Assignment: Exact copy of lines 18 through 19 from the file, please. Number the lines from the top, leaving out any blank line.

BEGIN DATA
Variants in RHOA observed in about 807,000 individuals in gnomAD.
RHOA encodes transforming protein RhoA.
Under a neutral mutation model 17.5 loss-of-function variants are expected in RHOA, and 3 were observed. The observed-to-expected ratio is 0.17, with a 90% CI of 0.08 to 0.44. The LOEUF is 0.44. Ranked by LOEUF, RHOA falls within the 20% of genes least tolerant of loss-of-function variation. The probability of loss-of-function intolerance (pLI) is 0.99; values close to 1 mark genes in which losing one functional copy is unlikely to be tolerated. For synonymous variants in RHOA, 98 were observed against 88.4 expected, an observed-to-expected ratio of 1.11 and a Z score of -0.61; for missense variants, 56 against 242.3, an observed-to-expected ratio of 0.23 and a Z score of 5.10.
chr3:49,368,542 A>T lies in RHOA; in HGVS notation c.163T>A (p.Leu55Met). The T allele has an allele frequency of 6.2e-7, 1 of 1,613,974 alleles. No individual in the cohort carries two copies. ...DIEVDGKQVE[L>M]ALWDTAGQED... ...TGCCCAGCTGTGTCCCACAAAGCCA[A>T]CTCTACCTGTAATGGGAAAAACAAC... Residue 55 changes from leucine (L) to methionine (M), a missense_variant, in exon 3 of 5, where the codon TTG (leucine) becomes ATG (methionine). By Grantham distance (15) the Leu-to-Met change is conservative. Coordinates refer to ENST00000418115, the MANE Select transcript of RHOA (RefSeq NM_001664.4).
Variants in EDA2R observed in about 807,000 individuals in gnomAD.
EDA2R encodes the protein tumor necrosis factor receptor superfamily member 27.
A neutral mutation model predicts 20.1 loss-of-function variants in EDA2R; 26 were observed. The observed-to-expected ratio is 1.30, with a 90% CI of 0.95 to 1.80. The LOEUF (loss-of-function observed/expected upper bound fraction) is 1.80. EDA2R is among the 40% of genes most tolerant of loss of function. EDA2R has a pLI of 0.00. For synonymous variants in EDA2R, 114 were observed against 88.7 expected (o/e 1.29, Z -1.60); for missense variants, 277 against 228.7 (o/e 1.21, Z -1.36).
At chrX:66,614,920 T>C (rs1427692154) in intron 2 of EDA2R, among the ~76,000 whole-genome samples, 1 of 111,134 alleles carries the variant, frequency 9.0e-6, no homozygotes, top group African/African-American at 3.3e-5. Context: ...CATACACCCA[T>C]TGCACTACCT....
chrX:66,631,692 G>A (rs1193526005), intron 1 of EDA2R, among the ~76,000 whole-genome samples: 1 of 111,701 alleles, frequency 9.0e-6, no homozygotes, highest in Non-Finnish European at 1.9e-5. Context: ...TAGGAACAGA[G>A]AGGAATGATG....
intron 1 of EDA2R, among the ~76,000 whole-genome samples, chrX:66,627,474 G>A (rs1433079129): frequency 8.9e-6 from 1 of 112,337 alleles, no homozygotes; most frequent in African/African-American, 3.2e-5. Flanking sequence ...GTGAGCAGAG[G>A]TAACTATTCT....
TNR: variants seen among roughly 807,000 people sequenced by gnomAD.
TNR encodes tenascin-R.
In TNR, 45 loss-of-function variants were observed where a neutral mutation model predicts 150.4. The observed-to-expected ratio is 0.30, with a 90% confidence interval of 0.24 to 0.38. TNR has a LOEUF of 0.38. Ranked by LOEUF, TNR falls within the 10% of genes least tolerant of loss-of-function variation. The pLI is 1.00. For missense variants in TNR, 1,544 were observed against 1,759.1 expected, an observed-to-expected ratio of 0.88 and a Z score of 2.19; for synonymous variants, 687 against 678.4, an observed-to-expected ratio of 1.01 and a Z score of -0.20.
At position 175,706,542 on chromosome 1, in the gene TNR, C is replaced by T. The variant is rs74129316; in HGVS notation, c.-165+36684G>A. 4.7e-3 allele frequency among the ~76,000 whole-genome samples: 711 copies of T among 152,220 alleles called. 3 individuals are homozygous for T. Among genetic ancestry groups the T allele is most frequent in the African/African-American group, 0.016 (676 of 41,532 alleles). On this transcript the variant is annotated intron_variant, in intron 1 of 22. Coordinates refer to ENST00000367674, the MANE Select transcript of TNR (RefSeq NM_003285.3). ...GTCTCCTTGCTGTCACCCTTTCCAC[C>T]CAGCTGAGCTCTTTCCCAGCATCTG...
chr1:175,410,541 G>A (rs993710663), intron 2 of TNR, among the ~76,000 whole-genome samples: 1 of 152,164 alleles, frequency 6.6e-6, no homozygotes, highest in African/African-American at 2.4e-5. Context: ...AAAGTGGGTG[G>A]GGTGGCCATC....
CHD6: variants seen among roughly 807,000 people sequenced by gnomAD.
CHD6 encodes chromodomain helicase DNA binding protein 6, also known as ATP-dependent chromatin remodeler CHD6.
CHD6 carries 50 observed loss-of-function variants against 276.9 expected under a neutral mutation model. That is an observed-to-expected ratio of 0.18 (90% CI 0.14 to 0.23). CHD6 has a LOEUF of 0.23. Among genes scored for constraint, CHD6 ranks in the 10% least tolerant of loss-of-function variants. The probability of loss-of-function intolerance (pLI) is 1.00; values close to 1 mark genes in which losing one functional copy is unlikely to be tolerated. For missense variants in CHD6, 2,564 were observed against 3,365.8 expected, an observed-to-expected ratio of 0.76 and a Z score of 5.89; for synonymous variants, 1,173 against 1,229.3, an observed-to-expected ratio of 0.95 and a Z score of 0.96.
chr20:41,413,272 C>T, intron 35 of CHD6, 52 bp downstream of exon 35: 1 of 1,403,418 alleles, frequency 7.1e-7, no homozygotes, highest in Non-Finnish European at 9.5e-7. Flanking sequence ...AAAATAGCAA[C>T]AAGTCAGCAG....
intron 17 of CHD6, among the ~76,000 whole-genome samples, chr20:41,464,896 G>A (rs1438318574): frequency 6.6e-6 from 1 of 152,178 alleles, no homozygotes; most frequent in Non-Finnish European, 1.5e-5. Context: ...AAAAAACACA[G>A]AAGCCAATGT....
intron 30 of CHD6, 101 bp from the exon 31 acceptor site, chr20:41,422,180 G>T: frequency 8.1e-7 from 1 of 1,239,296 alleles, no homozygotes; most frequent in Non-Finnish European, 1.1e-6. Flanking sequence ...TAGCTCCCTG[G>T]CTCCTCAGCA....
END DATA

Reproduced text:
CHD6 carries 50 observed loss-of-function variants against 276.9 expected under a neutral mutation model. That is an observed-to-expected ratio of 0.18 (90% CI 0.14 to 0.23). CHD6 has a LOEUF of 0.23. Among genes scored for constraint, CHD6 ranks in the 10% least tolerant of loss-of-function variants. The probability of loss-of-function intolerance (pLI) is 1.00; values close to 1 mark genes in which losing one functional copy is unlikely to be tolerated. For missense variants in CHD6, 2,564 were observed against 3,365.8 expected, an observed-to-expected ratio of 0.76 and a Z score of 5.89; for synonymous variants, 1,173 against 1,229.3, an observed-to-expected ratio of 0.95 and a Z score of 0.96.
chr20:41,413,272 C>T, intron 35 of CHD6, 52 bp downstream of exon 35: 1 of 1,403,418 alleles, frequency 7.1e-7, no homozygotes, highest in Non-Finnish European at 9.5e-7. Flanking sequence ...AAAATAGCAA[C>T]AAGTCAGCAG....